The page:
Using Django Forms in Charcha

Urvi Sharma

03 Jun 2017

Using Django Forms in Charcha

In this blog, we will be going through the implementation of Django Forms. This post is inspired from the Django form usage in Charcha Discussion Forum. You can find the full code for the Charcha forum here.

While creating interactive websites, one of the widely used way to submit data to the server will be forms. For such a use case, Django provides us the form library. It helps us to design forms and also lets us decide how they look in our template. After submission, it also helps us to process it like storing data in the database. A Django Form can be defined either from scratch or you can simply create a ModelForm, which can be returned from HTTP methods, which will therein save the data in the model’s fields. Based on our requirements we can choose from either of the aforementioned ones.

Django Forms provides us with various features such as facilitating validation on the browser side and also after submitting the data, generates proper error messages and binds template objects and data models. And after submitting the form, we can directly save it to the database in the required format.

Let us assume we have a requirement to create the Django models of a discussion platform like Charcha. In this blog post, we will go through the process of designing such a model which is both conforming to our requirements as well as efficient. In this blog, we will see the process to define and use the Django forms. Let us discuss Charcha, an interactive website, in which we are using Django forms:

We are also using the Django auth user forms.

Defining forms in Django View

We first need to define the Django forms in our application. For this, we need to import the Django forms. Here, in Charcha, we are using the Django auth forms and Django forms.

from django import forms
from django.contrib.auth.forms import UserCreationForm
class SampleCommentForm(forms.ModelForm):
    class Meta:
        model = Comment
        fields = ['text']
        labels = {
            'text': 'Your Comment',
        }
        help_texts = {
            'text': 'Markdown Supported',
        }

In the above-given example, we are using the forms.ModelForm coupled with Comment model along with label as Comment and we have also provided the help text. We have added a user-friendly label to the field which will be shown in the '<label>' tag when rendered in the template. We can also define some additional things like validations, like max length and required etc. These validations put a validation in HTML '<input>' tag which will enable client-side validation in the browser. They also validate the data on the server after it’s received from the form. Form has an 'is_valid()' method which checks all the validations throughout all the fields in the form. On this method call, if all fields are verified it will return true and provide all the form’s data in the 'cleaned_data' attribute.

def clean(self):
    cleaned_data = super(SomeFormData, self).clean()
    url = cleaned_data.get("url")
    text = cleaned_data.get("text")
    if not (url or text):
        raise forms.ValidationError(
            "URL and Text are both empty. Please enter at least one of them."
        )
    return cleaned_data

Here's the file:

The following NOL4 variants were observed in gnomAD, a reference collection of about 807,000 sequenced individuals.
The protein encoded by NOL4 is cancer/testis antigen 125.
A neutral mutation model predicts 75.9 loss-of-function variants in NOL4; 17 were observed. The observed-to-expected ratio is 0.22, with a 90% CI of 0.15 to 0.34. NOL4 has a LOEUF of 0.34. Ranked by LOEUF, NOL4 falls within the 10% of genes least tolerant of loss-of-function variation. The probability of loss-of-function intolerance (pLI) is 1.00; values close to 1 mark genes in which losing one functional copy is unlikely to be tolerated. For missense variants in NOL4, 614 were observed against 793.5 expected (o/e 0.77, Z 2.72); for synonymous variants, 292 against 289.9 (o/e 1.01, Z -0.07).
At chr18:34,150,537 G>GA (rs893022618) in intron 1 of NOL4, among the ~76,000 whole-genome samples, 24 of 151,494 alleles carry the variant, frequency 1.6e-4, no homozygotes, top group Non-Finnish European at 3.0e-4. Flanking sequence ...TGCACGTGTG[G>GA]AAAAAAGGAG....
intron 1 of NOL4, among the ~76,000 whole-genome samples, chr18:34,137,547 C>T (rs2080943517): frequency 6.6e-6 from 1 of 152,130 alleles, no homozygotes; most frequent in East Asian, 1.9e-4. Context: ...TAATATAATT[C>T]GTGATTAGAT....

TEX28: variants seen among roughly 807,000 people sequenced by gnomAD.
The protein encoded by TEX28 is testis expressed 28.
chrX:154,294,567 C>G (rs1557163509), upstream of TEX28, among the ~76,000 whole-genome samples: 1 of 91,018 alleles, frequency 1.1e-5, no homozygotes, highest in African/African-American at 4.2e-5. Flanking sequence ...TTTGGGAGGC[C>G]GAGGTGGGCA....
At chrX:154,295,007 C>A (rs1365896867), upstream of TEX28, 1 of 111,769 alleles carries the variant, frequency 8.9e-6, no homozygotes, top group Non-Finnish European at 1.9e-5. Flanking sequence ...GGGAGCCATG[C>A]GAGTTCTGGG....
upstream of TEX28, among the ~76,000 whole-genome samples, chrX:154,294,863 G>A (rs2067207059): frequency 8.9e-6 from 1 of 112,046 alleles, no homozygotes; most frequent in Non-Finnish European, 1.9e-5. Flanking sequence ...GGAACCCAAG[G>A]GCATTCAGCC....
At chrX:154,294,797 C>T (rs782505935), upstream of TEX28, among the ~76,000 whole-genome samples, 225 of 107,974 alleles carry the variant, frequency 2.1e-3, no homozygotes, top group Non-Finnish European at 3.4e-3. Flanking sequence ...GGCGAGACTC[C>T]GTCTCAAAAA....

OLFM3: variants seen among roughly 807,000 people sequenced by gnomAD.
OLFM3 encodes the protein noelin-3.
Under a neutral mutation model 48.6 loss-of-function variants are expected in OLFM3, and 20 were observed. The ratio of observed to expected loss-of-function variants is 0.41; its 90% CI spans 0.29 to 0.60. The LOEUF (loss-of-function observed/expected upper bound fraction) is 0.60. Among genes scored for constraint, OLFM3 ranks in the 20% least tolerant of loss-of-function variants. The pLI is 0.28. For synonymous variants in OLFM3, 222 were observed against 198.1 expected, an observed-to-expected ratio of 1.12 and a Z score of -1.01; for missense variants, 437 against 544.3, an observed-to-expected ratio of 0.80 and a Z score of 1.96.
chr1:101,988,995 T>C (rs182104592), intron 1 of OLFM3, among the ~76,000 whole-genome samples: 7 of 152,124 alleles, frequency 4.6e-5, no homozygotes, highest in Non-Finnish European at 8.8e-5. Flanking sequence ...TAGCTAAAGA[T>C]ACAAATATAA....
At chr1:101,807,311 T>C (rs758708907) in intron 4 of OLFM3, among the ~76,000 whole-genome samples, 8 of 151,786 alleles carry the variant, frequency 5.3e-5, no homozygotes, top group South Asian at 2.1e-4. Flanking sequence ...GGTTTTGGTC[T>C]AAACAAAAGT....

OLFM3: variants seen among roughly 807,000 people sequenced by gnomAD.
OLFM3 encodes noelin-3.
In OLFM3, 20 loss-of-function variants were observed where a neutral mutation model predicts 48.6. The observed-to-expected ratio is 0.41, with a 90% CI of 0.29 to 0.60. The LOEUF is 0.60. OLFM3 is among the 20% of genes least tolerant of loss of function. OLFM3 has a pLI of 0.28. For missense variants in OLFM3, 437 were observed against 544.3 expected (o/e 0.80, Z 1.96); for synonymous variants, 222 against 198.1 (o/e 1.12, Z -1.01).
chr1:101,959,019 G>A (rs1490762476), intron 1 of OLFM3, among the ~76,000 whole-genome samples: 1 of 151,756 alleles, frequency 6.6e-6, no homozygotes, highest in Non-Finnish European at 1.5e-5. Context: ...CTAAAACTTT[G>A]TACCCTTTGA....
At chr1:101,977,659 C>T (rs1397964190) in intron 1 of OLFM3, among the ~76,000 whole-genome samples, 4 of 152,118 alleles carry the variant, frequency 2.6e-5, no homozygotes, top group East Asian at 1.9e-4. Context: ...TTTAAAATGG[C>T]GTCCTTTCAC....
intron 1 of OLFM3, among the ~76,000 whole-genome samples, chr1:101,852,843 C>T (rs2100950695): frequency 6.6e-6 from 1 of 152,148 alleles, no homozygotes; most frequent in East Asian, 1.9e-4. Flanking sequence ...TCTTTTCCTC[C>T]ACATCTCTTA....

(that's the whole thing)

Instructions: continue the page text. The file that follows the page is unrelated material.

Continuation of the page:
Linking Views and Template

Now to link the form with the view, we will use a link sample-url in our case. We import url from Django urls and function from the view which we want to use: The urls will be in the format: url(regex, view, kwargs=None, name=None) Here regex is the url which will link the template and view. view is the Django function which is the result of as_view() for the class-based views. Using kwargs we can send some additional arguments to the view.

url(regex, view, kwargs=None, name=None)
from django.conf.urls import url
from . import views
urlpatterns = [
	url(r'^sample-url/$', views.SampleFunction.as_view(), name="sample_function"),
]

Defining HTML Template

For a template, depending on the user who is going to view, we will use the url to define which url and view we are going to use. We will be able to do this by using <form></form> tag with attributes as some-url and methods as GET or POST depending on user requirements. Here GET or POST are the HTTP verbs. We will use GET for not so safe search, like when we want to implement the web search form or the data which is not so important even when a user views it on url. As urls can easily be edited, shared or can be opened directly. On the other hand we use POST, which does not allow user to see the data in url. It can also support larger payload as compared to the GET. It also provides us CSRF (Cross Site Request Forgery) protection, provides us more control over URL and access. That makes POST method far safer than GET.

We also need to define the submit input type field for the submission of the form. Between these, we have our form fields which user needs to fill in the given form. All the form’s fields and their attributes like validations and type of field will be unbundled into HTML from {{form}} , that we are using in the template, by Django’s template.

{% csrf_token %} {{ form|bootstrap }}

 

Summary

In the above post, we learned about usage and process of using Django forms. Django provides us a great number of prebuilt tools and libraries to build a form to get input from the user and then process and respond to the input, which makes the handling of user input very easy.


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